(Bloomberg) -- The Japanese government approved 774 billion yen ($6.8 billion) in funding for domestic semiconductor investment, backing up Prime Minister Fumio Kishida’s commitment to make the nation a major global provider of essential computer chips.

The package, part of an extra budget for this fiscal year that the Cabinet signed off on Friday, consists of three parts: 617 billion yen to fund domestic investment into cutting-edge chip manufacturing production capacity, 47 billion yen for legacy production such as analog chips and power management parts, as well as 110 billion yen for the research and development of next-generation silicon. 

Tokyo will spend part of the 617 billion yen package on a planned semiconductor plant by Taiwan Semiconductor Manufacturing Co. and Sony Group Corp. in Kumamoto prefecture. While the Ministry of Economy, Trade and Industry hasn’t elaborated on the exact amount that will be used for the project, it has said it would pay “up to half” of the total investment needed for a project in this category. For legacy chip production, aid for up to one-third of the total capital expenditure will be provided, the ministry said.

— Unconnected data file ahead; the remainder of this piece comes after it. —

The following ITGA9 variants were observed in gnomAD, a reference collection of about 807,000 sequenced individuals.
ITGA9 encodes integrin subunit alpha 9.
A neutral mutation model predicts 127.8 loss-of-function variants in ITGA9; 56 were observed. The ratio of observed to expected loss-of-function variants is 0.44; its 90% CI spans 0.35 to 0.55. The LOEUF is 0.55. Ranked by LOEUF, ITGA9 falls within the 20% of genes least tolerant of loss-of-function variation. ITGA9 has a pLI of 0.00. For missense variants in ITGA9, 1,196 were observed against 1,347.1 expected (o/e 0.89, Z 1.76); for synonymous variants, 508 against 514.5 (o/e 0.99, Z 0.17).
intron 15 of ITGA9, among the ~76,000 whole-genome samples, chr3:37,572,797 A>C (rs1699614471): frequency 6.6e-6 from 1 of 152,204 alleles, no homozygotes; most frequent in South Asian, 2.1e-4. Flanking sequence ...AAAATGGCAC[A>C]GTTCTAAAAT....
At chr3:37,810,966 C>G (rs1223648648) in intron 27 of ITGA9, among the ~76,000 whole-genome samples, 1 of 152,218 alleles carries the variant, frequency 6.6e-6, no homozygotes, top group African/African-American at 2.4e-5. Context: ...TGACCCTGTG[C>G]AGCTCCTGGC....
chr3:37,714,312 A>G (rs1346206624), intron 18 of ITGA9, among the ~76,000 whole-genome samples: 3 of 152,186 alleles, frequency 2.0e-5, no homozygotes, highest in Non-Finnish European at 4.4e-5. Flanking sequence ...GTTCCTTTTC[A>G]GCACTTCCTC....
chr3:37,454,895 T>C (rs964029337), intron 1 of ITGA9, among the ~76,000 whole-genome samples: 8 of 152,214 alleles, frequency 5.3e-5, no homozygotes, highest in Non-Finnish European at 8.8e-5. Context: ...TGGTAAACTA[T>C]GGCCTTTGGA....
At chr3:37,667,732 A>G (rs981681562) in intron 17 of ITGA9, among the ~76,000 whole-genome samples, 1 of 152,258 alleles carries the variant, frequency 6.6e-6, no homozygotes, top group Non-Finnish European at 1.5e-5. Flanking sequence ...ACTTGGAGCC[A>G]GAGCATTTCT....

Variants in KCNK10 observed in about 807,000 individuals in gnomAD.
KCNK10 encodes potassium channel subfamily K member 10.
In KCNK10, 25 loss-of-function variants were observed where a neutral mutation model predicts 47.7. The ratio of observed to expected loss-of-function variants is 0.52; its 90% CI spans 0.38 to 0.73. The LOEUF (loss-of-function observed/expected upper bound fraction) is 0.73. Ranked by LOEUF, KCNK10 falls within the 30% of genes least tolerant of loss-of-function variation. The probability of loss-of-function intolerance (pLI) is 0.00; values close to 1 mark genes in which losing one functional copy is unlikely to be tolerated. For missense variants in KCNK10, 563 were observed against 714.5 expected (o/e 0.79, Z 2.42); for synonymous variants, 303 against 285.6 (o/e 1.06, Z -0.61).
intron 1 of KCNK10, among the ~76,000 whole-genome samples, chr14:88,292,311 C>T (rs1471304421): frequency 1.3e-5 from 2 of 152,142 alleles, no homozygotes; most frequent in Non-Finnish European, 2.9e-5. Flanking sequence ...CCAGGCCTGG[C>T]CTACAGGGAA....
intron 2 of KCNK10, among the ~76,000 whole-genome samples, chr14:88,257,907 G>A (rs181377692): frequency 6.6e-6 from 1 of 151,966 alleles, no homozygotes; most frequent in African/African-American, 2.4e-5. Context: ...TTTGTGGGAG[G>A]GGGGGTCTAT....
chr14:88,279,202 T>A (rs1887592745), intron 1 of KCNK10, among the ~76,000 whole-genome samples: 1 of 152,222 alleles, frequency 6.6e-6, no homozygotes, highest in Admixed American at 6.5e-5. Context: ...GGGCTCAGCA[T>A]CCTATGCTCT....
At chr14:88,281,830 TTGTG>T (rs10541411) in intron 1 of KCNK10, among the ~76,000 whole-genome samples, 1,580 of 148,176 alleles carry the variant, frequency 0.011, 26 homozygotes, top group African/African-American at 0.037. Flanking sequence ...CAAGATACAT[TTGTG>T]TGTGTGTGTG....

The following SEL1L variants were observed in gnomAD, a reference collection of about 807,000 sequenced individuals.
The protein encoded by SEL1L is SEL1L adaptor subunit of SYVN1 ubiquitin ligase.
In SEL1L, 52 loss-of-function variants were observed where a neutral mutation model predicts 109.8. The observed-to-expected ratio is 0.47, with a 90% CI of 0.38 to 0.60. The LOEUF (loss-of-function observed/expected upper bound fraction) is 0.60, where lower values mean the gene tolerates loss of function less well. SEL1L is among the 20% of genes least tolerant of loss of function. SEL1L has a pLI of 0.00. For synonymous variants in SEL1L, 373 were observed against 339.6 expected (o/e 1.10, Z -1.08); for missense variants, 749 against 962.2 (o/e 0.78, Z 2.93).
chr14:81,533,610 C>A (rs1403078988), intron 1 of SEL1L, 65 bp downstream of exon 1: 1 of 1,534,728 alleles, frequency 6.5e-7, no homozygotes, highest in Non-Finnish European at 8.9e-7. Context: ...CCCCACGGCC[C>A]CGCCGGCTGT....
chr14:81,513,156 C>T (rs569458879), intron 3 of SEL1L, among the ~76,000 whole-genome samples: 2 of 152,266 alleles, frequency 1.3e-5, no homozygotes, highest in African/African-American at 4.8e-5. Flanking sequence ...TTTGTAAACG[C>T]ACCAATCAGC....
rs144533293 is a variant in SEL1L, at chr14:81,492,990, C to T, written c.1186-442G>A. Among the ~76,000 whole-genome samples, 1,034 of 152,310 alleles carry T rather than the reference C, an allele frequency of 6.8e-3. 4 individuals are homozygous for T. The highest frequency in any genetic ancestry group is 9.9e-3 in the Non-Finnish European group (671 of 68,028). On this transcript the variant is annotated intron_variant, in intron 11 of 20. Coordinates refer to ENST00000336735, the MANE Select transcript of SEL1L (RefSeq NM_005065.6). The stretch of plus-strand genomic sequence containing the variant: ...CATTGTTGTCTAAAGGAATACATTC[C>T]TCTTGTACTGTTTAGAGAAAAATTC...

Read more about Japan’s ambitions for its domestic chip industry  

The approved budget is just the beginning of increased investment in the sector, with Japan’s ruling party and government both making it a priority to support companies beefing up semiconductor production. Developing technology trends ranging from 5G wireless communication to autonomous driving and the metaverse require massive computing power, and supply-chain snarls over the past year have highlighted the need to fortify domestic chipmaking capacity.  

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